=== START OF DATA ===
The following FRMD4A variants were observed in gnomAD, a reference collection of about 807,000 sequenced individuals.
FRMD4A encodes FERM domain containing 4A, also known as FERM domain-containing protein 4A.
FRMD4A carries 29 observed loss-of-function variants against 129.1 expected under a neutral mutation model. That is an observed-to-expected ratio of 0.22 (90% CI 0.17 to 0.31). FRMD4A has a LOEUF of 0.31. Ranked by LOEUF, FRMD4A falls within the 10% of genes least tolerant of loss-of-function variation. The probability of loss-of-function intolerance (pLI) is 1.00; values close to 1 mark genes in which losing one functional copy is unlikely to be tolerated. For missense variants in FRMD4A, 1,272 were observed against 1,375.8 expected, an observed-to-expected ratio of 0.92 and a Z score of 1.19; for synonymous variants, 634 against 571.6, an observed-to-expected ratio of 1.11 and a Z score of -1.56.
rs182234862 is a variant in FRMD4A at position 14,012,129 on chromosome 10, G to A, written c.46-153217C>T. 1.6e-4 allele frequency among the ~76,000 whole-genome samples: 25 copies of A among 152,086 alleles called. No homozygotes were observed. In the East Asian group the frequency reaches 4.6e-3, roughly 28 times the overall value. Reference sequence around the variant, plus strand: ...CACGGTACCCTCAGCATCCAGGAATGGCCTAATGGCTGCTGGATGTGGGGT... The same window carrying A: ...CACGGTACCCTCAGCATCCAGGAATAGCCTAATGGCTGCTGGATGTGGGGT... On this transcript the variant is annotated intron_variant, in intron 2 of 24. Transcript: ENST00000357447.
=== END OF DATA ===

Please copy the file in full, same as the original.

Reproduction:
The following FRMD4A variants were observed in gnomAD, a reference collection of about 807,000 sequenced individuals.
FRMD4A encodes FERM domain containing 4A, also known as FERM domain-containing protein 4A.
FRMD4A carries 29 observed loss-of-function variants against 129.1 expected under a neutral mutation model. That is an observed-to-expected ratio of 0.22 (90% CI 0.17 to 0.31). FRMD4A has a LOEUF of 0.31. Ranked by LOEUF, FRMD4A falls within the 10% of genes least tolerant of loss-of-function variation. The probability of loss-of-function intolerance (pLI) is 1.00; values close to 1 mark genes in which losing one functional copy is unlikely to be tolerated. For missense variants in FRMD4A, 1,272 were observed against 1,375.8 expected, an observed-to-expected ratio of 0.92 and a Z score of 1.19; for synonymous variants, 634 against 571.6, an observed-to-expected ratio of 1.11 and a Z score of -1.56.
rs182234862 is a variant in FRMD4A at position 14,012,129 on chromosome 10, G to A, written c.46-153217C>T. 1.6e-4 allele frequency among the ~76,000 whole-genome samples: 25 copies of A among 152,086 alleles called. No homozygotes were observed. In the East Asian group the frequency reaches 4.6e-3, roughly 28 times the overall value. Reference sequence around the variant, plus strand: ...CACGGTACCCTCAGCATCCAGGAATGGCCTAATGGCTGCTGGATGTGGGGT... The same window carrying A: ...CACGGTACCCTCAGCATCCAGGAATAGCCTAATGGCTGCTGGATGTGGGGT... On this transcript the variant is annotated intron_variant, in intron 2 of 24. Transcript: ENST00000357447.